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What is a spiral arm?

Submitted by Kevin Jardine on 7 June, 2013 - 08:08

Many galactic astronomers use the term "arm" in an inconsistent and confusing way. As a good example, this image of the Milky Way on the Chandra website shows eight arms. In a more recent example, this press release promotes the (in my view) ill-advised term "Local Arm" for the structure this website calls the "Orion Spur".

This confusion is becoming a greater problem as we get closer to the great dream of mapping the Milky Way. For example, it is increasingly the case that the question "How many spiral arms does the Milky Way have?" has no clear answer not because we lack data, but because astronomers disagree over what an arm is, or use the term imprecisely.

So today I'm proposing a definition:

A spiral arm is a large scale structure of atomic hydrogen that:

  • lies outside the galactic centre region,
  • is warmer and denser than its surroundings, and
  • wraps around the galactic centre for more than 180°.

In an astronomical context we can use the word "arm" as a short form of "spiral arm" when no confusion will result. We should not use the word "arm" to refer to any other galactic structure than a "spiral arm".

The emphasis on atomic hydrogen makes sense to me because atomic hydrogen is the basic building block of all galaxies and including the reference to atomic hydrogen avoids arguments that a spiral arm is not an arm because it lacks other tracers like molecular gas, red giants or HII regions.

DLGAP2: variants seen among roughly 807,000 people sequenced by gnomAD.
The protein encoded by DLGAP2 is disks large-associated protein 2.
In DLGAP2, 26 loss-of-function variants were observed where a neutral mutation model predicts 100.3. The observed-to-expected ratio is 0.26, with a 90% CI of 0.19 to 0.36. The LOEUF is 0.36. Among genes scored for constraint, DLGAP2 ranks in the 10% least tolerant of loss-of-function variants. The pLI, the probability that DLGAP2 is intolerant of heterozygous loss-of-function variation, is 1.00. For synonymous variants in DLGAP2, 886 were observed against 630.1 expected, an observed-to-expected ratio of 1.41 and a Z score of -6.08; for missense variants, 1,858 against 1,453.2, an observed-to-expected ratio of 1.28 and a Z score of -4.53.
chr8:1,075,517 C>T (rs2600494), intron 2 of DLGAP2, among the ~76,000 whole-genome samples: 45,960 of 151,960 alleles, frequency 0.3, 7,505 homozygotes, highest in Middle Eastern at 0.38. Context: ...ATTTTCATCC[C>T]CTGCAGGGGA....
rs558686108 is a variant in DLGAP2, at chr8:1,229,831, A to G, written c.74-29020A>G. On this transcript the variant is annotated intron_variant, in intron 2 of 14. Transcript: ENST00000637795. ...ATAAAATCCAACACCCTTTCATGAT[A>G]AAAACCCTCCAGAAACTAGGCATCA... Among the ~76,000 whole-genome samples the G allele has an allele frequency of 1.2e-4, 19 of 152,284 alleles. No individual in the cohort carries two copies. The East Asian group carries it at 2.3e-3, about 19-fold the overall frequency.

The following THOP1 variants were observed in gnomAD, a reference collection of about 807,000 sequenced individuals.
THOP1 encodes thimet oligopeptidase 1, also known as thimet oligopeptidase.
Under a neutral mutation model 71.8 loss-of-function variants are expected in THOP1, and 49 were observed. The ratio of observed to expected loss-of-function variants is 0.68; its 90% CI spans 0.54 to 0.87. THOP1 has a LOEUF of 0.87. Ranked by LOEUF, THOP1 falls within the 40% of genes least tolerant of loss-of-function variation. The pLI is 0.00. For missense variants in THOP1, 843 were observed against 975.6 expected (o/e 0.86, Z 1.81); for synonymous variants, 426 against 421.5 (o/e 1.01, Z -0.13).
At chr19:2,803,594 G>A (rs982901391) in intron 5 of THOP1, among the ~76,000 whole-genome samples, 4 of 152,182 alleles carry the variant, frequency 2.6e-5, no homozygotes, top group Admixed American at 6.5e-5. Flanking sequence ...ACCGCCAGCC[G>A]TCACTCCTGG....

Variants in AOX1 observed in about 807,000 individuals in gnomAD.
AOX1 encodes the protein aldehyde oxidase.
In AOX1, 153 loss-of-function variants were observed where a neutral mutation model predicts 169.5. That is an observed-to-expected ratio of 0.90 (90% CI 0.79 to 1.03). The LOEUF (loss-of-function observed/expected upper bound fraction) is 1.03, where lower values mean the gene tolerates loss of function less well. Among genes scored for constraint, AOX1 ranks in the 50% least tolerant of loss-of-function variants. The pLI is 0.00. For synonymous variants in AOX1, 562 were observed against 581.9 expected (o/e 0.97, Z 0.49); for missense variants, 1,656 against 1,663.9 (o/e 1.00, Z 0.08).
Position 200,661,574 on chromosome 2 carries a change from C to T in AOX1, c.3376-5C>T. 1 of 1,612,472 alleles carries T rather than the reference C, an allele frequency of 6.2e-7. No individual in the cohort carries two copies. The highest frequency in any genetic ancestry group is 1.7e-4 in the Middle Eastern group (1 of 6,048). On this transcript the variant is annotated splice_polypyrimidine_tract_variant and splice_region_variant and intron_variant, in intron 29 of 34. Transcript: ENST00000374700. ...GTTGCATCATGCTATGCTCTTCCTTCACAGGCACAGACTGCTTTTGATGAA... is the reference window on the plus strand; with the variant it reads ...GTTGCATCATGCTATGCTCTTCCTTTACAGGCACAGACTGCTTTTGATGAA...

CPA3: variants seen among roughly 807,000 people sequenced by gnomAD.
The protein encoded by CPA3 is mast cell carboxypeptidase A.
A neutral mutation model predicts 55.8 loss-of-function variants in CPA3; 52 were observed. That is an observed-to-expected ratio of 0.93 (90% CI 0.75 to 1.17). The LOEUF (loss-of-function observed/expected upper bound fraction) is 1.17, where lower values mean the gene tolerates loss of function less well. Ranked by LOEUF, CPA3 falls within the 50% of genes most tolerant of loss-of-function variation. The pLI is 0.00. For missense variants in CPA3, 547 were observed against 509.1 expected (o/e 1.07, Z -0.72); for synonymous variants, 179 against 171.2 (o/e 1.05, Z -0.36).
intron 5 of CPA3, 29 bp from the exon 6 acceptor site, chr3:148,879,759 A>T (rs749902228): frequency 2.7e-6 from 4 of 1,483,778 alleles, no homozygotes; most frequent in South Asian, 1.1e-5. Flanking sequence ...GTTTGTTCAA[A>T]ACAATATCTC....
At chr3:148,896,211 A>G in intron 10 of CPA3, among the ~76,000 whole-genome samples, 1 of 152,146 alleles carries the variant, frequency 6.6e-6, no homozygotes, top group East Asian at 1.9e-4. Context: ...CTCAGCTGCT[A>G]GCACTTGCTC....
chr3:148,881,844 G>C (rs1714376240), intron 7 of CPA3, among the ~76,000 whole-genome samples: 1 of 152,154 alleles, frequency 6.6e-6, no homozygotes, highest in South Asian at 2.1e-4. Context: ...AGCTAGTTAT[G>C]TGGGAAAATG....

The definition precludes smaller structures that may exist in the galactic bar and the near and far 3kpc "arms" ("ring" or "ring structures" may be better terms for what has been called the 3kpc "arms").

By this definition, the evidence suggests that the Milky Way has four spiral arms.

Also by this definition the Orion Spur does not appear to be an arm. Although it is a large structure, it is found (so far as we currently know) entirely or almost entirely on the near side of the galaxy. The concept of spiral in a spiral arm implies that it wraps around the galactic centre and the Orion Spur does not appear to do this. I also think that it is confusing in an astronomical context to use the term "arm" when we do not mean "spiral arm".

(Whether "Orion Spur" is an appropriate name for this structure is a different question which I'll address in a future blog post.)